Begin With The End In Mind—Themes and Theories
It is important that you, the advocate, clearly understand the overall objective of the brief and the destination you wish to reach. Scalia and Garner advise that the best way to do this is to bring out your themes and case theory early, from the question presented to the conclusion.
Briefly, a theory of a case is a logical statement of the case-as-a-whole selected by the lawyer, in light of opposing counsel’s anticipated theory. The theory should be able to be presented in the form of a series of syllogisms that establish that the desired conclusion is necessarily true, given the controlling legal principles and the presented evidence and assuming the truth of the inferences laid out.
A theme is the explanation of the facts which shows the moral force is on your side—e.g., “This is a story about a heartless insurance company that chose to prolong the agony of grieving parents by refusing to pay the amount due under the policy for which they had paid until they proved the obvious—that their son is dead.” Sargent v. Massachusetts Accident Company, 307 Mass. 246 (1940). So, a theory focuses on the logical while a theme focuses on the emotional and the moral.
Revolving your brief around these preliminary, foundational concepts help guide the court to the outcome you desire. Their urging is reminiscent of Steve Covey, a best-selling author renowned for his book The Seven Habits of Highly Successful People, and his principal “begin with the end in mind.” While he utilized this principle as a general tool to plan your life, it is useful here: To begin with the end in mind means to begin with a clear understanding of your destination. It means to know where you’re headed so that you better understand where you are now and so that the steps you take are always in the right direction. Or stated metaphorically, “If your ladder is not leaning against the right wall, every step you take gets your to the wrong place faster.” This applies equally to briefing and appreciating the objective of the brief.
You should have your case theory and theme—and the end they serve—in mind before you start briefing. This will help you avoid climbing the wrong ladder and help the judge see the motion in the larger context of the lawsuit; or as Scalia and Garner put it, “fixing in the judge’s mind ideas that may help you later on.” And after all, isn’t a lawyer just a guide who can point out landmarks and help others understand the terrain? Utilize case theories and themes to fulfill this guiding function
Use A Question Presented In Your Brief
In every sense of the word—and in all seriousness—it can be said that the most important paragraph in a brief is the first one, in which appears counsel’s formulation of the issues presented for decision. Frank E. Cooper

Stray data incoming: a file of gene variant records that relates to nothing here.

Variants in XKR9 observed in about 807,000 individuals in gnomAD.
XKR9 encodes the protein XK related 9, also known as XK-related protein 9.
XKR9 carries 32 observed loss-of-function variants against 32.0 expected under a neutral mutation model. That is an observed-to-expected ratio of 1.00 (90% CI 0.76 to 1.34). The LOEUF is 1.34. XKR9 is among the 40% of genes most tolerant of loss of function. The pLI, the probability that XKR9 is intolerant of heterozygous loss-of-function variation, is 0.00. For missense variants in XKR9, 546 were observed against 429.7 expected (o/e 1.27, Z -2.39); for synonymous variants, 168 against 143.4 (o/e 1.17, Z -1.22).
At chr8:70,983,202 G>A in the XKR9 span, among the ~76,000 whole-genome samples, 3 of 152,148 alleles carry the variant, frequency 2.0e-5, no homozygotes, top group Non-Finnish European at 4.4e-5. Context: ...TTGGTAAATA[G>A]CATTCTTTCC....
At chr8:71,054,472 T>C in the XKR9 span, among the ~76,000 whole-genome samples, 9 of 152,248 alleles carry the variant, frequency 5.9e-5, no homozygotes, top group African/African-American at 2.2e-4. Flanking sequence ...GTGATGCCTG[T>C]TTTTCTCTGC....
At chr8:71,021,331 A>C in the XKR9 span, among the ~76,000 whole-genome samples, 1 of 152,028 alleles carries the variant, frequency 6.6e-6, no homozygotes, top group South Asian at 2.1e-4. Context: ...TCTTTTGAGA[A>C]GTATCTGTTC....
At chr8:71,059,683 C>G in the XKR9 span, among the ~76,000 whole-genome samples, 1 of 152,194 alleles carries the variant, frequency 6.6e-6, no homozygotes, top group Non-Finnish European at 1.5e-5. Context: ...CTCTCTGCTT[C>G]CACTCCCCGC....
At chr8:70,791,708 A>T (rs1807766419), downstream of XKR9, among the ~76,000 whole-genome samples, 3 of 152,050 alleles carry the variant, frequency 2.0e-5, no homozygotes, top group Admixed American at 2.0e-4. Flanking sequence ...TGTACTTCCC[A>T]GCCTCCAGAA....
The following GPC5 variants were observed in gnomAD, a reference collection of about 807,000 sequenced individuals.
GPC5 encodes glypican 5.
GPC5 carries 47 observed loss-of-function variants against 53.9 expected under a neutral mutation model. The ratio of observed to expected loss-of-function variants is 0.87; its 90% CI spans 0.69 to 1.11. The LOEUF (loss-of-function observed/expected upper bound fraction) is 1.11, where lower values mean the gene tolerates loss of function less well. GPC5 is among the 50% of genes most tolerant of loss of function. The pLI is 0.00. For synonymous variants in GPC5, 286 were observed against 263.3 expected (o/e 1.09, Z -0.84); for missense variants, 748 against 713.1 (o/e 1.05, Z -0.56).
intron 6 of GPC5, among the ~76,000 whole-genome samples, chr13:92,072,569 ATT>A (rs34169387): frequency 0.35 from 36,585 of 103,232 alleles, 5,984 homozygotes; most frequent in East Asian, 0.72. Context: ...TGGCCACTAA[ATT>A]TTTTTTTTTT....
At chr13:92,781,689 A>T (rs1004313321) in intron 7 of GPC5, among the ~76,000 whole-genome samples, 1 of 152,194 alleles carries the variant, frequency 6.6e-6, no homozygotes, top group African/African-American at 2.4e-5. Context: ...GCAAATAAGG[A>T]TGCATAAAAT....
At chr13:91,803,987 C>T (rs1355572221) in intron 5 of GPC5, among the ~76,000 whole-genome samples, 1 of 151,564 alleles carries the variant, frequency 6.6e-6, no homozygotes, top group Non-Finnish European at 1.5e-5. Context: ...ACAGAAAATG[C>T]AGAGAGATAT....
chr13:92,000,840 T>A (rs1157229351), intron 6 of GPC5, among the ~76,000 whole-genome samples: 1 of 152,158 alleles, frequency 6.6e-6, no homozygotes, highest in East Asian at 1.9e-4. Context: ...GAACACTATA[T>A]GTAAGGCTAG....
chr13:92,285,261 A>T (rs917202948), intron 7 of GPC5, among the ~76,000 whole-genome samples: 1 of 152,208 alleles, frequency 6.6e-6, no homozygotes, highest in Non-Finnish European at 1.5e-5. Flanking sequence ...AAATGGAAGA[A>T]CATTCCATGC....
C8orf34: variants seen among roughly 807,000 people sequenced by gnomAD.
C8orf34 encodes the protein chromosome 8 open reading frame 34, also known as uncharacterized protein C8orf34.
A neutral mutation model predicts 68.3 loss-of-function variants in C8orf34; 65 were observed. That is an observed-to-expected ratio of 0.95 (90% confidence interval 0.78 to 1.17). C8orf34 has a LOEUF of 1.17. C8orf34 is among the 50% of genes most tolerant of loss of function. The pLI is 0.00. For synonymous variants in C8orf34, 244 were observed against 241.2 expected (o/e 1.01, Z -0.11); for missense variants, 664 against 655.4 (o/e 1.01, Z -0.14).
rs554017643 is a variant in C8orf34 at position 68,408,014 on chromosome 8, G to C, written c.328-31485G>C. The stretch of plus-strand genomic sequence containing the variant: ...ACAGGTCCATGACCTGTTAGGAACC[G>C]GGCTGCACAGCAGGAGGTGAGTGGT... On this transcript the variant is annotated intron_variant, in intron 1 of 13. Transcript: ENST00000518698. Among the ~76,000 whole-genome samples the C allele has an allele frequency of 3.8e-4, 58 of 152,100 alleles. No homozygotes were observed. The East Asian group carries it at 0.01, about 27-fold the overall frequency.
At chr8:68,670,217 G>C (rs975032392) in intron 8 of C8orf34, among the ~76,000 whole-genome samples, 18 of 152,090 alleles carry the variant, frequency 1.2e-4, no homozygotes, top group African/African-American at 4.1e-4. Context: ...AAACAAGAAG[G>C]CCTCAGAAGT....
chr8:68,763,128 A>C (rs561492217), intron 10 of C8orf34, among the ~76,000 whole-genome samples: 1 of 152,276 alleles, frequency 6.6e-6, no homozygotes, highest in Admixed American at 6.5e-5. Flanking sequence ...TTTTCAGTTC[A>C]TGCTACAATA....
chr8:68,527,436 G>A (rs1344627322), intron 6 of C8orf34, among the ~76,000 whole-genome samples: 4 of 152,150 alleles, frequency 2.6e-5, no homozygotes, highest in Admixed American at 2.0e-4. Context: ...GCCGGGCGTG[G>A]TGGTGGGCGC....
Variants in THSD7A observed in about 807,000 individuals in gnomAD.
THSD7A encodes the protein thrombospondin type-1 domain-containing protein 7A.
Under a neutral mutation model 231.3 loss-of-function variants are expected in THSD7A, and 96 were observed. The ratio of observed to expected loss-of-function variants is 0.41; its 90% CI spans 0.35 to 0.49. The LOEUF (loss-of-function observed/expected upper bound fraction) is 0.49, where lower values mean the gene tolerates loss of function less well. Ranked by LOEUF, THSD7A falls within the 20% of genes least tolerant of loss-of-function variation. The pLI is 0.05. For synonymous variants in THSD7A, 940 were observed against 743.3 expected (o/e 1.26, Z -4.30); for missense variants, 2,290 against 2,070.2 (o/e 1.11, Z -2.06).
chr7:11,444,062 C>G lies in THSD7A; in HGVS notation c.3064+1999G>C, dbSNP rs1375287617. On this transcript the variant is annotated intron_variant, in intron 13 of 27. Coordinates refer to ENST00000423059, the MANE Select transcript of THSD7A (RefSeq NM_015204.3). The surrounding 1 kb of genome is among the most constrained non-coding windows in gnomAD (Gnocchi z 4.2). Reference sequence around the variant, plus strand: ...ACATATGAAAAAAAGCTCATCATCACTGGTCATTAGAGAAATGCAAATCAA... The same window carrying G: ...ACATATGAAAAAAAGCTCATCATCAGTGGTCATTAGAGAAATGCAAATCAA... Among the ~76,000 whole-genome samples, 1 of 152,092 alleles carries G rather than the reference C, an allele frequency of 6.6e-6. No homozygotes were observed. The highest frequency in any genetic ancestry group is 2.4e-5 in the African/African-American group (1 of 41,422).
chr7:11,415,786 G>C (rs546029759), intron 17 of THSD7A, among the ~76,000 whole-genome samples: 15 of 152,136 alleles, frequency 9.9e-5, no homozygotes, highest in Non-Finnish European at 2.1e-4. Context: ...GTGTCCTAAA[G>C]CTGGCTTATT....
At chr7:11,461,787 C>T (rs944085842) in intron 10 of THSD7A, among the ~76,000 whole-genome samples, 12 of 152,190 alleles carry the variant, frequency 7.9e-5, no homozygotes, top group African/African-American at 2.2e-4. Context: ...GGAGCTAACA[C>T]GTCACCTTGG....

Scalia and Garner say that unless the rules of your court forbid stating a question presented, and they know none that do, you should do so religiously. They explain that many lawyers fail to appreciate that the result of a case rests on what the court understands the question presented to be. You want to state these question presented in a way that supports your theory of the case and leads to the outcome you want. And to do this you must find the premise that pulls the court towards your desired rule and then explicitly state that premise in your issue. But, they caution, it’s necessary you state the issue fairly. Don’t overreach. And don’t “color the issue with loaded adjectives and argumentative consequences.” The goal is to have the court decide to answer the question you pose, because, as a consequence, “it will probably reach the conclusion you urge.”
The most useful form of an issue statement is the appropriately named “deep issue.” This statement contains within it the syllogism that produces your desired conclusion. You should break up this deep issue into separate sentences totaling no more than 75 words. The first sentences follow a chronological order, providing a mini-narrative of your case. From this mini-story comes the question to be decided.
Moreover, the effect of highlighting the issues and conclusions in your own briefing process is threefold: (1) it tests the validity of those conclusions more thoroughly; (2) it ensures that you carry through with them when you get to the middle; and (3) it eliminates slag that your research has produced but that doesn’t help the analysis. Explore using a question presented at the outset of your brief to stack the deck.